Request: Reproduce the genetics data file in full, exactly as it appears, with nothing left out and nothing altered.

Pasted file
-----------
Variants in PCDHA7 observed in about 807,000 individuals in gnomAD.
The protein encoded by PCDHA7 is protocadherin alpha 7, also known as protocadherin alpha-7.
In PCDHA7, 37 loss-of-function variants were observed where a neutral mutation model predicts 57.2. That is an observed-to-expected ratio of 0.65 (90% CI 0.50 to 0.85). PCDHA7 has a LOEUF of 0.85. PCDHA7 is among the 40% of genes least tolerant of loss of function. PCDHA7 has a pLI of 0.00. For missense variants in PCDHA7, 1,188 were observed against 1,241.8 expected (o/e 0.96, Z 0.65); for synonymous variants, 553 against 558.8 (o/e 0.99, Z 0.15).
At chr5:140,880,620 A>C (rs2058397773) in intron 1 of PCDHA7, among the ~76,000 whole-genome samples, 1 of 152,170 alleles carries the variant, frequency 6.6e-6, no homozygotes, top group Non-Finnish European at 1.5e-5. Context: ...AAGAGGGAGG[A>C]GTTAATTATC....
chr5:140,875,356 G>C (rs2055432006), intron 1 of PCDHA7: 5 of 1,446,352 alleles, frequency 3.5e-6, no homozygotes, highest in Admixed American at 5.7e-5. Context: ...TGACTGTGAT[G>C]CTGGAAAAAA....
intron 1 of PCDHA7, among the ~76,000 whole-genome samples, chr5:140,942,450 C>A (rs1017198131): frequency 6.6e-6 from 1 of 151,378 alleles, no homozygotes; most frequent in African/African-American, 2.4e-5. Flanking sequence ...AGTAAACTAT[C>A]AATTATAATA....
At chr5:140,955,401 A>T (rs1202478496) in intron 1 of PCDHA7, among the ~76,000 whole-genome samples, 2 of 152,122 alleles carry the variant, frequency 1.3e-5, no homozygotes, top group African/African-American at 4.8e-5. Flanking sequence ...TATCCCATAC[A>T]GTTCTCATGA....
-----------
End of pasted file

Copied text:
Variants in PCDHA7 observed in about 807,000 individuals in gnomAD.
The protein encoded by PCDHA7 is protocadherin alpha 7, also known as protocadherin alpha-7.
In PCDHA7, 37 loss-of-function variants were observed where a neutral mutation model predicts 57.2. That is an observed-to-expected ratio of 0.65 (90% CI 0.50 to 0.85). PCDHA7 has a LOEUF of 0.85. PCDHA7 is among the 40% of genes least tolerant of loss of function. PCDHA7 has a pLI of 0.00. For missense variants in PCDHA7, 1,188 were observed against 1,241.8 expected (o/e 0.96, Z 0.65); for synonymous variants, 553 against 558.8 (o/e 0.99, Z 0.15).
At chr5:140,880,620 A>C (rs2058397773) in intron 1 of PCDHA7, among the ~76,000 whole-genome samples, 1 of 152,170 alleles carries the variant, frequency 6.6e-6, no homozygotes, top group Non-Finnish European at 1.5e-5. Context: ...AAGAGGGAGG[A>C]GTTAATTATC....
chr5:140,875,356 G>C (rs2055432006), intron 1 of PCDHA7: 5 of 1,446,352 alleles, frequency 3.5e-6, no homozygotes, highest in Admixed American at 5.7e-5. Context: ...TGACTGTGAT[G>C]CTGGAAAAAA....
intron 1 of PCDHA7, among the ~76,000 whole-genome samples, chr5:140,942,450 C>A (rs1017198131): frequency 6.6e-6 from 1 of 151,378 alleles, no homozygotes; most frequent in African/African-American, 2.4e-5. Flanking sequence ...AGTAAACTAT[C>A]AATTATAATA....
At chr5:140,955,401 A>T (rs1202478496) in intron 1 of PCDHA7, among the ~76,000 whole-genome samples, 2 of 152,122 alleles carry the variant, frequency 1.3e-5, no homozygotes, top group African/African-American at 4.8e-5. Flanking sequence ...TATCCCATAC[A>T]GTTCTCATGA....